Want to work in marketing? No marketing degree required

on under Inbound Marketing.

So you finally graduate from college. But then you decide that your major just wasn't really your true calling. Maybe you're stuck on a career path that isn't going in the direction you want it to. And you've decided you want to work in the booming business of marketing! Don't worry, you can still get into the marketing world even if you don't have a degree in it. Here are a few majors that give you all the training you need, just without that "marketing" title.

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Communications/Journalism

One of the most easily translatable areas of study is anything under the umbrella of communications. As long as you're able to communicate properly, you'll be golden in marketing. Com students are taught public speaking and trained to produce excellent content. Depending on what area of marketing you're working in, this could be exactly what your potential employer is looking for.

If you're trained as a journalist, you've learned to wear many hats. In the age of modern technology, this doesn't only mean you can write a column for a newspaper. Journalists are tasked with creating content through interviews and extensive research. Once a piece is complete, they'll viciously self promote it through all kinds of social networks.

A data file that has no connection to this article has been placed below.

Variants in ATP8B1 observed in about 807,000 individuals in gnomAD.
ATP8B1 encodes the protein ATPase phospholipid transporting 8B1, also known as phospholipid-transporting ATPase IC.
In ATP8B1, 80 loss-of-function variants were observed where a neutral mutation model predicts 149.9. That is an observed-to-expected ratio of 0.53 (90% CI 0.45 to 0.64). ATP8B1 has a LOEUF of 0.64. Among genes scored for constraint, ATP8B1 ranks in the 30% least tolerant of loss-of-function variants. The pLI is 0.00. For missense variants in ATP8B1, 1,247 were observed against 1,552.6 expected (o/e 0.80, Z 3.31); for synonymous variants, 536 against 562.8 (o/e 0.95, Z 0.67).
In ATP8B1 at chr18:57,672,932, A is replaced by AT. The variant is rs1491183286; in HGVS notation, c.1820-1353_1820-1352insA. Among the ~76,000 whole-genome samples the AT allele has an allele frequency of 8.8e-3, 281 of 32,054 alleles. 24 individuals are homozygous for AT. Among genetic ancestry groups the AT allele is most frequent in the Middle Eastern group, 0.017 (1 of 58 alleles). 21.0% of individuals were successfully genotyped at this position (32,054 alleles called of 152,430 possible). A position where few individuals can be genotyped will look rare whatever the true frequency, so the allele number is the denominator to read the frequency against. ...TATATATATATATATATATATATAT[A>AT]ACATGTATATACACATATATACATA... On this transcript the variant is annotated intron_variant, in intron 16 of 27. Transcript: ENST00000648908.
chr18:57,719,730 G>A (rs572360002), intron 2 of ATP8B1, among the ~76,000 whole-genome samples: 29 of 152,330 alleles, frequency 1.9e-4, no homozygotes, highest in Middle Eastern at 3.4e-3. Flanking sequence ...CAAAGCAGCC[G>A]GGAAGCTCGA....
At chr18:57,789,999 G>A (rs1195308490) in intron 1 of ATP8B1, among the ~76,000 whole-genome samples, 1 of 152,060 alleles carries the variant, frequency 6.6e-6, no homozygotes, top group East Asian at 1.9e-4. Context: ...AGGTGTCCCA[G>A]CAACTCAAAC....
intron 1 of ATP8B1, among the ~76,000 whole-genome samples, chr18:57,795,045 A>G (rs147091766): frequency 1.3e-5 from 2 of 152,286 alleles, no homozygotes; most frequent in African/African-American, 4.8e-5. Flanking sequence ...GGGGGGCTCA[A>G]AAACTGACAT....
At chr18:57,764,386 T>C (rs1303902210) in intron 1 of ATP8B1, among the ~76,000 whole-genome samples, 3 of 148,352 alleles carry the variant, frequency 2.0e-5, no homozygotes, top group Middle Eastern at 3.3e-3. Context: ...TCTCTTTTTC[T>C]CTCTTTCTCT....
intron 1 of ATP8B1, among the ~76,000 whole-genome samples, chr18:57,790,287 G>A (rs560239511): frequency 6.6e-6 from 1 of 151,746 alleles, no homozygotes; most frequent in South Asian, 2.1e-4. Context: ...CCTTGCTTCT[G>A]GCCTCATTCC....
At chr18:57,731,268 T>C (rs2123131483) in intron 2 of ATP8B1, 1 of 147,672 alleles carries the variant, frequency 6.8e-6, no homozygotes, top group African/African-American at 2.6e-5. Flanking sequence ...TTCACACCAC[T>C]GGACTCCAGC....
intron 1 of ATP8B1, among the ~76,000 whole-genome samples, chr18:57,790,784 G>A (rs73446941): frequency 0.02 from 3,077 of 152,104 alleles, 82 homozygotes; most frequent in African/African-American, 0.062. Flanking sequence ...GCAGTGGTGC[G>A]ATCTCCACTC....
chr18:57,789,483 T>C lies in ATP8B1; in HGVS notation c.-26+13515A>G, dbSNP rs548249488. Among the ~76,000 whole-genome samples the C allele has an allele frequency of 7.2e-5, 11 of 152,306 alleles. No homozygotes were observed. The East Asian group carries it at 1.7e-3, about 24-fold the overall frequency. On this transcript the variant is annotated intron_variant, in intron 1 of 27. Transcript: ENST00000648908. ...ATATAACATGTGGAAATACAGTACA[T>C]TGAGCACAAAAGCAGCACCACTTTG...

Management

Now we're going to use a bit of reverse psychology. The benefit of working in marketing and having a degree in business management is that you know what your client is looking for since you've experienced what they're going through. Management students learn how to create their own businesses and many different aspects of entrepreneurship.

These people know what businesses are looking for when it comes to their marketing strategy. They're great leaders and work well with others. They may be the type of person that you want as the head of the marketing team.

 

Economics

Econ majors tend to be a bit more money-minded than others. Which is great, from a client's point of view. They study trends in business and analyze data and costs. This type of person can look at a marketing strategy with a big picture view.

Someone with a thorough knowledge of economics might be a good person to have on a team when you're first developing a business plan. They're able to look ahead in ways that others can't. While they're not taught to think creatively as others, they see through a lense of logic that's always helpful when planning the future.

 

It's never too late to jump into a new career path. The skills that you have might be more adaptable to another job than you think. If you're trained in communicating well and have great leadership skills, a switch to marketing may be the right move for you.

 

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  • I completely agree that you don't need a marketing degree to get into marketing, but if we're talking about someone who is changing careers, do you think it's a better use of time and resources to get a second degree (as mentioned above) or to get an entry-level position in marketing (or internship)? Which will be more valuable in the long-term?